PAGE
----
What can be said about Clutch that already hasn’t? They play rock n’ roll with more balls, honesty and intelligence than most these days, and their set here was damning evidence of that. The Earth Rocker album dominates the set list, from the harmonica led boogie of DC Sound Attack to the plodding and powerful The Face, they both manage to pay homage to and deface the classic blues rock template which stands as the foundation to so much of the music going off here this weekend. Fallon’s witty lyrical quips and prowling stage presence, in comparison to his compatriots more reserved performances, is absolutely brilliant. New track X-Ray Visions is an instant head-bopper too, only ramping up further excitement for their forthcoming record, Psychic Warfare. This is a band with the songs, the charisma and blast to headline a festival and it’s a crying shame they haven’t yet been raised to such a pedestal. X-Ray Visions is, in fact, so good that I’m still singing the chorus now, two weeks later, and I’ve still only heard the song once. Now that, my friends, is how you write one hell of a good fucking song. Will Clutch ever write a bad one – I wouldn’t bet on it.
One band which is on a pedestal of great esteem however, is Judas Priest, who played that very first Monsters of Rock all those years ago. This evening, as the grayscale clouds finally buckle under the burgeoning weight of the rain, nothing can deter either the band or fans as they smash their way through a set of songs that defined the genre we all know and love today. Rob Halford may be older now, years of drugs and debauchery may have left his bones in a dilapidated and creaky state, but he performs with more passion than anyone this weekend. Proper hammer and tongue stuff. As you watch him, the sopping downpour seems to disappear, it becomes irrelevant.
KK Downing may have walked out of the band on the back of remarks that the band were deteriorating, that they weren’t pulling their weight on stage anymore, but he younger, fresh blood of axesmith Richie Faulkner seems to have rejuvenated the band. Painkiller is fantastic, Halford’s rasping vocals actually adding an extra grit to the song while Breaking The Law has 40,000 voices singing in unison, hands and umbrellas held aloft. Personally, my favourite moment of this set is Halford’s off-mic ‘MOTHERFUCKER’ which he delivers with so much blind rage that he collapses to his knees, exhausted. I take my hat off to the guy, I really do (metaphorically – although I wish I had a hat during this downpour. I wish I was wearing more than a vest. I really do. Even sleeves would be a luxury.). As the rain reaches its apex, a man emerges in the mosh pit covered in ponchos with a large ‘rain ponchos for sale’ sign which elicits some laughs but mostly envy. Oh for a human condom in these hard, wet, disgustingly moist times.
The rain continues to bleed miserably from a rapidly darkening sky as Slipknot, for the third time, stride onto stage to headline a night at a place fast becoming their home from home. The problem is though, as good as they are, as rambunctious, archaic and anthemic as their songs are, the band is running out of ideas to keep things fresh. It all seems a bit pedestrian at times, a returning and well-loved attraction yes, but there is nothing overly invigorating for those who’ve seen it all before.
New album .5 The Gray Chapter injects new metallic slabs to their towering structure, pyro and their demanding presence capping it all off, but the new songs are lacking that spark that makes Slipknot so indisputably feral and crushing. Perhaps it’s the rain, perhaps it’s a slightly quiet and lacklustre crowd, but it’s only until the encore of (sic), People = Shit and Surfacing that the band really shift through the gears. This is Slipknot, this is a band that has defined a generation – nay, created a generation of metalheads – and it’s bloody brilliant.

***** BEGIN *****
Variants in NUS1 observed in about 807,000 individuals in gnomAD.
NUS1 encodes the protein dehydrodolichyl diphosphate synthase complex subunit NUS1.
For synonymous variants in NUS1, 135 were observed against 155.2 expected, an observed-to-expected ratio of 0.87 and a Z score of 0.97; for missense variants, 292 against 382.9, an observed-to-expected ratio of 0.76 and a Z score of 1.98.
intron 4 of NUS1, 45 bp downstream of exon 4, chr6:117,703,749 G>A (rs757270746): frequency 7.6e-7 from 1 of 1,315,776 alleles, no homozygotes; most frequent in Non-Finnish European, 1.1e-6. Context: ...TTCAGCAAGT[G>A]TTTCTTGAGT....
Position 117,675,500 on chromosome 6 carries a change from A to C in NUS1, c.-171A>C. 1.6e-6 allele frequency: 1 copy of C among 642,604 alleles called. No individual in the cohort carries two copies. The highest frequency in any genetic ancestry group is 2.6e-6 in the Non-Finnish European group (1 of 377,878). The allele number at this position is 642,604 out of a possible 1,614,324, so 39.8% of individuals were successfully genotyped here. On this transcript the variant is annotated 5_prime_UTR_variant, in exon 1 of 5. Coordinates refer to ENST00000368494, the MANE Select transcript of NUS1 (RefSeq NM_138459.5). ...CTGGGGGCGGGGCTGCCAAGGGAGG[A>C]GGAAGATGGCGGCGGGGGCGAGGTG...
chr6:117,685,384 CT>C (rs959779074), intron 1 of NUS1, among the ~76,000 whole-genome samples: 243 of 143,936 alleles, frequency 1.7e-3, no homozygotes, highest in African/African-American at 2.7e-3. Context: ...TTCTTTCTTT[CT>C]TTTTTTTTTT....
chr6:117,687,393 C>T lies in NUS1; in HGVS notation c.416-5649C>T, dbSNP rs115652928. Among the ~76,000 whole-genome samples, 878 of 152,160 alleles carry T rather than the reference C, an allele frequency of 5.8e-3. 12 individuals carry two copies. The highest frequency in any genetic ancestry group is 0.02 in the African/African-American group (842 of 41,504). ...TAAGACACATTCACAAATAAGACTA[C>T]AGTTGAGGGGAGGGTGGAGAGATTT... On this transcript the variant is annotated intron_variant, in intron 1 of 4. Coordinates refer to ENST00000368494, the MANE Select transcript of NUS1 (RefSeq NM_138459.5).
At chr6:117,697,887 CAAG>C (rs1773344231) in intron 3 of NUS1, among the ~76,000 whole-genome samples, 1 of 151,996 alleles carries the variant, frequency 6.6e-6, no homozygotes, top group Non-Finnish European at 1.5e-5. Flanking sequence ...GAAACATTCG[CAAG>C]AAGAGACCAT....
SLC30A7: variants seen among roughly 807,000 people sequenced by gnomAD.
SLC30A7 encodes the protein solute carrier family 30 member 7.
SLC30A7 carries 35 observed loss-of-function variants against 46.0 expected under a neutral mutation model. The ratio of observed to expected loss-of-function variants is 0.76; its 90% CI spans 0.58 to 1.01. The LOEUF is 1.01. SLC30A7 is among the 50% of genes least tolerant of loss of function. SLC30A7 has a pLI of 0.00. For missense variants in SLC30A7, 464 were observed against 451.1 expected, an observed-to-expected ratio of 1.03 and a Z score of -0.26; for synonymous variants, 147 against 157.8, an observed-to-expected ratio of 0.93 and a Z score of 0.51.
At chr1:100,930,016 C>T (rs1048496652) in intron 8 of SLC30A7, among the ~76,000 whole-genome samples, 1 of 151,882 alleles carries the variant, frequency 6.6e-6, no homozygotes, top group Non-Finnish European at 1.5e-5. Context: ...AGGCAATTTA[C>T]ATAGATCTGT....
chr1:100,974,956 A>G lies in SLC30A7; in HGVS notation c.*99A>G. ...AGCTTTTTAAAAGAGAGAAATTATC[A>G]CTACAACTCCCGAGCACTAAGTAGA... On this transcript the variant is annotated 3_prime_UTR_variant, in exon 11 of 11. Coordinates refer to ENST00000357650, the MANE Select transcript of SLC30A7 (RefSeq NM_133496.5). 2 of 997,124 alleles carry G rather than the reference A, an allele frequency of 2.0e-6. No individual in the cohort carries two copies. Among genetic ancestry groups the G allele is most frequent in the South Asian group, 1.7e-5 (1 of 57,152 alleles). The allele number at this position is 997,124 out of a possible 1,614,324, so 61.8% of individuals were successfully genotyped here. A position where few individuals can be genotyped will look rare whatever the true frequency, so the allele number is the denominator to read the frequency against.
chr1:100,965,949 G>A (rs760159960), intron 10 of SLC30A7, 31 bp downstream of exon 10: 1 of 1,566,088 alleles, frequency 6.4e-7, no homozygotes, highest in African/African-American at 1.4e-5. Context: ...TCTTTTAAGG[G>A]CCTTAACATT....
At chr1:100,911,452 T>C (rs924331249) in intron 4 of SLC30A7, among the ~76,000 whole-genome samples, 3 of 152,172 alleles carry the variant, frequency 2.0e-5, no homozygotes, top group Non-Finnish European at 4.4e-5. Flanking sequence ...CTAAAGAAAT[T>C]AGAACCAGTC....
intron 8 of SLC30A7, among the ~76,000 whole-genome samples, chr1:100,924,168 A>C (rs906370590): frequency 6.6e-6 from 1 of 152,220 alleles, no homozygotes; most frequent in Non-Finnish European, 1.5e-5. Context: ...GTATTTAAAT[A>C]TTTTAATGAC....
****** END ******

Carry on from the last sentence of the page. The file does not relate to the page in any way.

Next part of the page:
So there we are, trudging through the mud, still searching from a real buzz. The weather has been shoddy at best and has hardly kissed our temperaments. Thoughts of beer, warmth and somewhere dry are more important right now and in the campsite village – another traipse of that damned walk - The Doghouse tent is where we find ourselves. Some house had passed, beers sunk and random conversations with passers-by or gleefully hammered punters here in the doghouse had happened since the infamous Iowan nine piece had left their stage.
The drugs are kicking in, their colours adding a vivid vibrancy and fizz to everything as Ronald McDonald walks onto the stage, the Hamburglar in close pursuit. A guitar touting gentleman with a Motorhead fashioned tusked burger as a head and some indiscernible purple blob bassist complete the outfit and they crash into Sabbath’s War Pigs. I stood there, taking it all in, watching the shapes of the crowd dancing all around me in their own circles, watching the band, or whatever the hell they were make their presence known. I was lost. Lost as to whatever I was seeing was in fact reality or some weird, twisted trip the only kind of thing a drug addled writer’s imagination could conjure.
The band are real it turns out and they go by the name of Mac Sabbath – and it’s a good thing fairies are wearing boots tonight because they’d have totally ruined their dainty slippers on account of the inescapable mudbath that makes a swamp of the tent. Sabbath themselves reposted a video of their fast food reimaginings of the band’s classic tracks – I am Frying Pan and so on – on their Facebook page. As a result, the band came up on Download’s radar and here they are, at 2am on a Friday night confusing the crap out of a few hundred people. What kind of gig this band’s making a living out of playing is anyone’s guess – tribute band nights, children’s birthday parties? – but at this time of night to an audience as far out of their mind’s as possible, they’ve certainly found a home.
Words: Phil Weller